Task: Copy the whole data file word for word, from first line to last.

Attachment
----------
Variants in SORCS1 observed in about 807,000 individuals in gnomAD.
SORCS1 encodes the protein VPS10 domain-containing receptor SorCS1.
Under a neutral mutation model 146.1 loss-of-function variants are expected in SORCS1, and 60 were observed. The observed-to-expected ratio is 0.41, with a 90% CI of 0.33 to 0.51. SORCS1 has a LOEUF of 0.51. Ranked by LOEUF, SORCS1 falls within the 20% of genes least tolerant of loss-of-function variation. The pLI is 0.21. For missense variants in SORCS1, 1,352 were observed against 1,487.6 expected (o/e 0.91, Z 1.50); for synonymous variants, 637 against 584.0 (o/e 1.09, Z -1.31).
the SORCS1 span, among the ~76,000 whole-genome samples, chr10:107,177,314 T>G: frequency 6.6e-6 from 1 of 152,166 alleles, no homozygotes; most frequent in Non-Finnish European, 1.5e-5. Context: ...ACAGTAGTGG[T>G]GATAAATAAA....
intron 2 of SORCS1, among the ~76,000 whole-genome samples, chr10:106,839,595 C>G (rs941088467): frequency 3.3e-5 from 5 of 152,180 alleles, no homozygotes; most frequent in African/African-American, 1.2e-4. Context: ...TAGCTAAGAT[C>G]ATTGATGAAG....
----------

Variants in SORCS1 observed in about 807,000 individuals in gnomAD.
SORCS1 encodes the protein VPS10 domain-containing receptor SorCS1.
Under a neutral mutation model 146.1 loss-of-function variants are expected in SORCS1, and 60 were observed. The observed-to-expected ratio is 0.41, with a 90% CI of 0.33 to 0.51. SORCS1 has a LOEUF of 0.51. Ranked by LOEUF, SORCS1 falls within the 20% of genes least tolerant of loss-of-function variation. The pLI is 0.21. For missense variants in SORCS1, 1,352 were observed against 1,487.6 expected (o/e 0.91, Z 1.50); for synonymous variants, 637 against 584.0 (o/e 1.09, Z -1.31).
the SORCS1 span, among the ~76,000 whole-genome samples, chr10:107,177,314 T>G: frequency 6.6e-6 from 1 of 152,166 alleles, no homozygotes; most frequent in Non-Finnish European, 1.5e-5. Context: ...ACAGTAGTGG[T>G]GATAAATAAA....
intron 2 of SORCS1, among the ~76,000 whole-genome samples, chr10:106,839,595 C>G (rs941088467): frequency 3.3e-5 from 5 of 152,180 alleles, no homozygotes; most frequent in African/African-American, 1.2e-4. Context: ...TAGCTAAGAT[C>G]ATTGATGAAG....